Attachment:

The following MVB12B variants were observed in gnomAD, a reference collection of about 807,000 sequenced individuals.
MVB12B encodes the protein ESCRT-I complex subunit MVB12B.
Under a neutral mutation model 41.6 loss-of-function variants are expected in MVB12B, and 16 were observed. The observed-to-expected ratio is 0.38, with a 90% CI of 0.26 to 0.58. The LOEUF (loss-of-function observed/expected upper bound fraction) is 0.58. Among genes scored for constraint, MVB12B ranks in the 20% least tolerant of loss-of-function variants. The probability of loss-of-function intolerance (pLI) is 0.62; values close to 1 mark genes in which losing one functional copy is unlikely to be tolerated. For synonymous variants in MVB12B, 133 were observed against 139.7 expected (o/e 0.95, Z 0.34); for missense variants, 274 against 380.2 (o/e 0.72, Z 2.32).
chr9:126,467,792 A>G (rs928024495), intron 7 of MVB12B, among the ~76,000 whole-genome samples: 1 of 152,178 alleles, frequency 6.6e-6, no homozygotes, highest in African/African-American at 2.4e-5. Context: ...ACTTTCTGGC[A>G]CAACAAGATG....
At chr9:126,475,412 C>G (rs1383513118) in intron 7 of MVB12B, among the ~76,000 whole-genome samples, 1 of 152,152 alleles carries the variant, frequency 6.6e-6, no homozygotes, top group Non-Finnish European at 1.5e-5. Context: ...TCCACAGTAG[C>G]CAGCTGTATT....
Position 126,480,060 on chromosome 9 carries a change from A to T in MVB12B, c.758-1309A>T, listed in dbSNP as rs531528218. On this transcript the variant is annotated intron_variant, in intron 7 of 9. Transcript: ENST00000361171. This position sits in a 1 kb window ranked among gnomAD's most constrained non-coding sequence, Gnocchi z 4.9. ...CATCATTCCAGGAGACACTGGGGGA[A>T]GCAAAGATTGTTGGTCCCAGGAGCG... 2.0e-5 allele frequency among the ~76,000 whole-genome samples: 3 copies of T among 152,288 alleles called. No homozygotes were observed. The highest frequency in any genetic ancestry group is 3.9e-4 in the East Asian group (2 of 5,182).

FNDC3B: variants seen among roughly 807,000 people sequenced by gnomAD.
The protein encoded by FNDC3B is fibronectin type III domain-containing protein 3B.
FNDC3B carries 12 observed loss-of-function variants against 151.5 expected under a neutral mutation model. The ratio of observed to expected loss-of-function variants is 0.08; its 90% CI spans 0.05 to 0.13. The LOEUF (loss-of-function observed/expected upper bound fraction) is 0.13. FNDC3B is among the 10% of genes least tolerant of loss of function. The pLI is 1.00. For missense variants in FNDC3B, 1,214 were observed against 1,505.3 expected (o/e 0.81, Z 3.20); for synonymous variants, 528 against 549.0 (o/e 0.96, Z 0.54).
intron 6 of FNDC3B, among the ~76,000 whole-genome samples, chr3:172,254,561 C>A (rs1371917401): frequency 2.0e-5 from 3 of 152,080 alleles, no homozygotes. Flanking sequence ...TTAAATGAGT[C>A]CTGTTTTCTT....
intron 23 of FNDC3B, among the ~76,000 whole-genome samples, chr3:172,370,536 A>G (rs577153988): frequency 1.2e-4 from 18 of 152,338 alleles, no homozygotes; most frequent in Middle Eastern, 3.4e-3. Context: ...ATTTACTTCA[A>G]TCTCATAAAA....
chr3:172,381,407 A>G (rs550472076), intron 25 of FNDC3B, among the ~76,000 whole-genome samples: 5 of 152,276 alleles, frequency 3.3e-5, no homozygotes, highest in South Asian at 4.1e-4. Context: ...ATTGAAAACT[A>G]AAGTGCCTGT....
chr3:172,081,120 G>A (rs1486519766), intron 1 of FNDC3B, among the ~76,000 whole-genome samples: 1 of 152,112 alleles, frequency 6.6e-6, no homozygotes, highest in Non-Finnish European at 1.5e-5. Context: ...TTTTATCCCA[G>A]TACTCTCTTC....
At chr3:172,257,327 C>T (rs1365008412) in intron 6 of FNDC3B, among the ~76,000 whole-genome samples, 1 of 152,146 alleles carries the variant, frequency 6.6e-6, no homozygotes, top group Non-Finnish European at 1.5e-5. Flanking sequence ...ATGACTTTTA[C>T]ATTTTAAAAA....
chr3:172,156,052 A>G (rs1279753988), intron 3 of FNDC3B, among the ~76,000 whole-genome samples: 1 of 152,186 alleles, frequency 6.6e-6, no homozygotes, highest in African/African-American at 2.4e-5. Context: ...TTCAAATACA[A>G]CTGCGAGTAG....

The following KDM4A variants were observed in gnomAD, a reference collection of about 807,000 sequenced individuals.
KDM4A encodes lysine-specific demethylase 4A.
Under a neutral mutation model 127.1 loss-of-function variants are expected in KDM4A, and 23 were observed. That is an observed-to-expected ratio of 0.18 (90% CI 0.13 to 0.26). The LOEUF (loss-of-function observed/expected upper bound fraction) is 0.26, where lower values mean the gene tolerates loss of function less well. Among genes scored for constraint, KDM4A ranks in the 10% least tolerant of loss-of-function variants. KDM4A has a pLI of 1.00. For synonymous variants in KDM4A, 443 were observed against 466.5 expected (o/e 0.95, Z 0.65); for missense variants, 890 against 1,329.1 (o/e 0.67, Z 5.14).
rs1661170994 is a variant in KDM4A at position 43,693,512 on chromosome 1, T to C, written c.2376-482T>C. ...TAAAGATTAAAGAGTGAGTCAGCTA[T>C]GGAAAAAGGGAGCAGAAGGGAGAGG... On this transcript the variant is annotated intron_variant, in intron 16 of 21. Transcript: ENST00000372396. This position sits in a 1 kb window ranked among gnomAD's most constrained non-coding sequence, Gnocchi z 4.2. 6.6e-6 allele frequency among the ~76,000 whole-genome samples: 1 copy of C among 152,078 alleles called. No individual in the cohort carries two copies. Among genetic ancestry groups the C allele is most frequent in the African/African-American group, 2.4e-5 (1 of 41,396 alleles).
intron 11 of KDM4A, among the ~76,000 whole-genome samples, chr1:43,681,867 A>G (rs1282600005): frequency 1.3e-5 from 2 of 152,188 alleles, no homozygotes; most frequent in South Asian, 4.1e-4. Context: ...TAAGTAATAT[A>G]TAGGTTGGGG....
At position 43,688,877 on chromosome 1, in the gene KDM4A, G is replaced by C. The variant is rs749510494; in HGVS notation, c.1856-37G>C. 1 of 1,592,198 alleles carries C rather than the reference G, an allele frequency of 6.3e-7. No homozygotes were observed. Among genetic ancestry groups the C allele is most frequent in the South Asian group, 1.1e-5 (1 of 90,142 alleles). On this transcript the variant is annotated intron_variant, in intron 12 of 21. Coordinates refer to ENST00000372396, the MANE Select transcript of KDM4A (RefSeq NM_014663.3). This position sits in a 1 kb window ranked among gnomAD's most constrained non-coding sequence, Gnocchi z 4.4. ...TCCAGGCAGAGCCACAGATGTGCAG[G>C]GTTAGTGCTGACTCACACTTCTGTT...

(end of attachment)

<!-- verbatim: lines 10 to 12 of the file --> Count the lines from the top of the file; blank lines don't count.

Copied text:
intron 6 of FNDC3B, among the ~76,000 whole-genome samples, chr3:172,254,561 C>A (rs1371917401): frequency 2.0e-5 from 3 of 152,080 alleles, no homozygotes. Flanking sequence ...TTAAATGAGT[C>A]CTGTTTTCTT....
intron 23 of FNDC3B, among the ~76,000 whole-genome samples, chr3:172,370,536 A>G (rs577153988): frequency 1.2e-4 from 18 of 152,338 alleles, no homozygotes; most frequent in Middle Eastern, 3.4e-3. Context: ...ATTTACTTCA[A>G]TCTCATAAAA....
chr3:172,381,407 A>G (rs550472076), intron 25 of FNDC3B, among the ~76,000 whole-genome samples: 5 of 152,276 alleles, frequency 3.3e-5, no homozygotes, highest in South Asian at 4.1e-4. Context: ...ATTGAAAACT[A>G]AAGTGCCTGT....